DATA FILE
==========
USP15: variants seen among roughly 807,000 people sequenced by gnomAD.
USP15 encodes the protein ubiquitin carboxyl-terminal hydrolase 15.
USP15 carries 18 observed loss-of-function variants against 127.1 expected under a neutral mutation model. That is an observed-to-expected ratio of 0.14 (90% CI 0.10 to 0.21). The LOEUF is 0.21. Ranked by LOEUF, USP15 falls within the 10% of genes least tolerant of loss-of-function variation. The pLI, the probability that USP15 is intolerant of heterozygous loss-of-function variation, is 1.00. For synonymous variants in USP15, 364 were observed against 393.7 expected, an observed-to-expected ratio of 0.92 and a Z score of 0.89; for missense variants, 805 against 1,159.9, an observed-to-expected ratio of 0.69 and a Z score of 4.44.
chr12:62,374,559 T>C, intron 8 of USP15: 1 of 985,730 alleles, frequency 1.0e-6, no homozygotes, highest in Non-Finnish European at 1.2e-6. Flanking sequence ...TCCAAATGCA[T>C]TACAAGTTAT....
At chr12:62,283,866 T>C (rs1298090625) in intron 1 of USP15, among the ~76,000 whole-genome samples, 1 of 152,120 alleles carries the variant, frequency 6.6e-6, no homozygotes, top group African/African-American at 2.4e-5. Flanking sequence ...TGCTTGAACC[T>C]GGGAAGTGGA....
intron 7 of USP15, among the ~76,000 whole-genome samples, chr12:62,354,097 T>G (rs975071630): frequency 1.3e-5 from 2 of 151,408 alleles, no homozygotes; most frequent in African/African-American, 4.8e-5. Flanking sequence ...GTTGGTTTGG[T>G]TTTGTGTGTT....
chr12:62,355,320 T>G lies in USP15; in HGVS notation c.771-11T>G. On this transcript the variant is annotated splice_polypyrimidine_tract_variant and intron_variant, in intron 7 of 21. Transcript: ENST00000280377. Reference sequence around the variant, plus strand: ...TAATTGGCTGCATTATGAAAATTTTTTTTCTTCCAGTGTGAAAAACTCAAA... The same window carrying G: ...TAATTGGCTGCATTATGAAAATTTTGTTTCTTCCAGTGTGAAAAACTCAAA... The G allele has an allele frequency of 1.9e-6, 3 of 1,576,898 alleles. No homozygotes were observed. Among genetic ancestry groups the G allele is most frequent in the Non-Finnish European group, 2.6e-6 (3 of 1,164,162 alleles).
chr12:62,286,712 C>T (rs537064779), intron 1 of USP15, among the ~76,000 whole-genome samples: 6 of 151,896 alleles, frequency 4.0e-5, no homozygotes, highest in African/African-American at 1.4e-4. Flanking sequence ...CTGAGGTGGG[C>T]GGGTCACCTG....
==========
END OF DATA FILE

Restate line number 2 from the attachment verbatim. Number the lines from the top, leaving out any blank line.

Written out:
USP15 encodes the protein ubiquitin carboxyl-terminal hydrolase 15.